“This all reeks of hypocrisy considering former Vice President Joe Biden has already said he used his office and taxpayer dollars to pressure Ukraine’s president into taking specific law enforcement actions that directly benefited his son. The attention on unverified reports instead of an on-record admission shows why Americans are so distrustful of politicians and the media.
“If Democrats use impeachment proceedings as a basis to not act on policy that will directly benefit Americans like the USMCA or lowering prescription drug prices, that would prove they’re more interested in politics and opposing the president at all costs than serving the American people. For my part, I’ll continue focusing on the issues that affect the everyday lives of Iowans. I hope my Democrat colleagues return to doing the same for their constituents.”
Grassley Statement on Ukraine Call Transcript
Sep 25, 2019
WASHINGTON – Sen. Chuck Grassley, president pro tempore of the U.S. Senate, today released the following statement regarding the release of a White House transcript of a call between the presidents of the United States and Ukraine.
“Speaker Pelosi announced an impeachment inquiry even before seeing the call transcript or hearing from the alleged whistleblower or the director of national intelligence. That says all anyone needs to know about the legitimacy of the Democrats’ impeachment inquiry: impeach now, facts later.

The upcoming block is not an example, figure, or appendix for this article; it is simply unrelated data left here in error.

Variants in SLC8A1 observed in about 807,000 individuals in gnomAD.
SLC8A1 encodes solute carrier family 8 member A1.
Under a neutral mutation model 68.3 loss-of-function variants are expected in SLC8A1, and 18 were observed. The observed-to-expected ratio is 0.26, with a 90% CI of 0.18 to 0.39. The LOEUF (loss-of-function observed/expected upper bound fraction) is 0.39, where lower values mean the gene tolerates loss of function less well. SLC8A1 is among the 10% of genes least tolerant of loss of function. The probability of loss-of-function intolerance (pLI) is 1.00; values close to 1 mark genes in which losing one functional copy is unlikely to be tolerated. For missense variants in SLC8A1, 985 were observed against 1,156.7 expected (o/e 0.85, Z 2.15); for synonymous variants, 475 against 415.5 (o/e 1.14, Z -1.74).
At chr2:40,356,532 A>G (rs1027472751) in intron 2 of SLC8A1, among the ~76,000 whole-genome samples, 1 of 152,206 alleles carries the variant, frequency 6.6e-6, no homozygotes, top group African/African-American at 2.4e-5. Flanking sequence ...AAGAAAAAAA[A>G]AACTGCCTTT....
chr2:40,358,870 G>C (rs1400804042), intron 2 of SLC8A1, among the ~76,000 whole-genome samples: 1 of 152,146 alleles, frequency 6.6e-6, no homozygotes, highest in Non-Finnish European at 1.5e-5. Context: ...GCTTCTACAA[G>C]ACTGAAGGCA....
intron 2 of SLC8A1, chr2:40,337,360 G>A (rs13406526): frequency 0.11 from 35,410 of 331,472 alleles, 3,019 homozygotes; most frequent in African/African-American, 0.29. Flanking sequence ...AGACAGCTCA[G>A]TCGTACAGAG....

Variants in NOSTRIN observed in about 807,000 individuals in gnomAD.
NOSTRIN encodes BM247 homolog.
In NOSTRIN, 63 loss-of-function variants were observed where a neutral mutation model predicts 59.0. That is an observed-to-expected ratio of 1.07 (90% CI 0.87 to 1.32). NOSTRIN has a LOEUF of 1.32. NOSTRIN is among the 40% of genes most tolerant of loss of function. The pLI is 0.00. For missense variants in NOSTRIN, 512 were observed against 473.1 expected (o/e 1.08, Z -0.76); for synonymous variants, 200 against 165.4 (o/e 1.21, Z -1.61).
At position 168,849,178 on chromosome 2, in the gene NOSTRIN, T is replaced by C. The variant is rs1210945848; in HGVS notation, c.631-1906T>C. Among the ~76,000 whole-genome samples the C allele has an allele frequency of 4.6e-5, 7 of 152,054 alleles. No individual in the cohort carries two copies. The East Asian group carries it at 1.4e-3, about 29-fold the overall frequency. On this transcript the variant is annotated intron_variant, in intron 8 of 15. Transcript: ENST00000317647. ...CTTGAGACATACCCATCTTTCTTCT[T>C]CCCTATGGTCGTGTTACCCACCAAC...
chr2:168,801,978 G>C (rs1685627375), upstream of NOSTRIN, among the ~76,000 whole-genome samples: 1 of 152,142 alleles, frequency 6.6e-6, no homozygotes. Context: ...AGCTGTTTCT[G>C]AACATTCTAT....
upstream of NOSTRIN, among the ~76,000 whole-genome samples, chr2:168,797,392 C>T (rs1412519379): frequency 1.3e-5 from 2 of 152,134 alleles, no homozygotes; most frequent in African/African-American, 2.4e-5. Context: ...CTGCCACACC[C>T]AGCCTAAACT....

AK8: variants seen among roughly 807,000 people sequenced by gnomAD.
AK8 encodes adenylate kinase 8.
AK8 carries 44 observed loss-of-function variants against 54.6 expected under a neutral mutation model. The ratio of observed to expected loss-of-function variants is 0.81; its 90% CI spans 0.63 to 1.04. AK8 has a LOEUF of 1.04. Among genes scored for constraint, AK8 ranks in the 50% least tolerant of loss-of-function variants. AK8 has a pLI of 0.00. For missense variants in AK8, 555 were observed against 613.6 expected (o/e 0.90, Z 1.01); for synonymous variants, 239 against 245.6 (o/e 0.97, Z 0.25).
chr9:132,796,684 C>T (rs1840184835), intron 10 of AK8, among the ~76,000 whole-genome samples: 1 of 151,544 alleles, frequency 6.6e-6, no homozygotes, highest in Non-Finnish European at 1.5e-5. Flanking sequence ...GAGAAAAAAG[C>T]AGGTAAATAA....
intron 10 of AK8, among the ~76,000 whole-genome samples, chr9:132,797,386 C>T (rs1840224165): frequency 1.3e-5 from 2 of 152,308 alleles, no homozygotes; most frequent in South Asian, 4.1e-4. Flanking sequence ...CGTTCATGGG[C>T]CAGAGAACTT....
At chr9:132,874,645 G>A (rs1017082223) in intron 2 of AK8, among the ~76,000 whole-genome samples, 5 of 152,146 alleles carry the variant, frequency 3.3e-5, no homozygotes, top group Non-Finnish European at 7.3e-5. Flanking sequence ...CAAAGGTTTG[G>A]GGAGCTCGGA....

“I’ve read the transcript in its entirety. It shows that there was no quid pro quo. The Ukrainian President admitted problems with corruption in the country and agreed that the issue at hand warranted looking into further.
“The firing of a prosecutor looking into former Vice President Joe Biden’s son following pressure from Mr. Biden himself is worthy of investigation. That a president who ran on an anti-corruption platform would look into this matter is unsurprising and is in both the U.S. and Ukrainian national interest.
“For years, Democrats have decried foreign interference in U.S. elections. But this seems to be a one-way street. Democrats are wholly uninterested in looking into past Ukrainian efforts to help former Vice President Biden, as well as the Democratic National Committee and the Hillary Clinton campaign, which reportedly used Ukraine to undermine the Trump campaign. That’s not how the rule of law works.
“National media attention to only one side of this issue is disappointing even if unsurprising. The Obama administration used the Department of Justice and its intelligence agencies to investigate a political opponent in then-candidate Trump while using foreign government sources to further the investigation. But it’s supposedly unacceptable for the Trump administration to encourage a foreign nation to look into a matter that it was prevented from fully investigating by the previous administration with clear conflicts of interest. That’s not a standard that makes any sense.”
“Democrats’ cries for impeachment grow stronger by the day, but their case for impeachment grows weaker. Democrats should instead focus on the issues Americans care about, such as lowering prescription drug prices, rebuilding our infrastructure and passing the USMCA.”
Top: Senator Chuck Grassley's official photo from the 106th Congress, which met from January 1999 through the beginning of January 2001.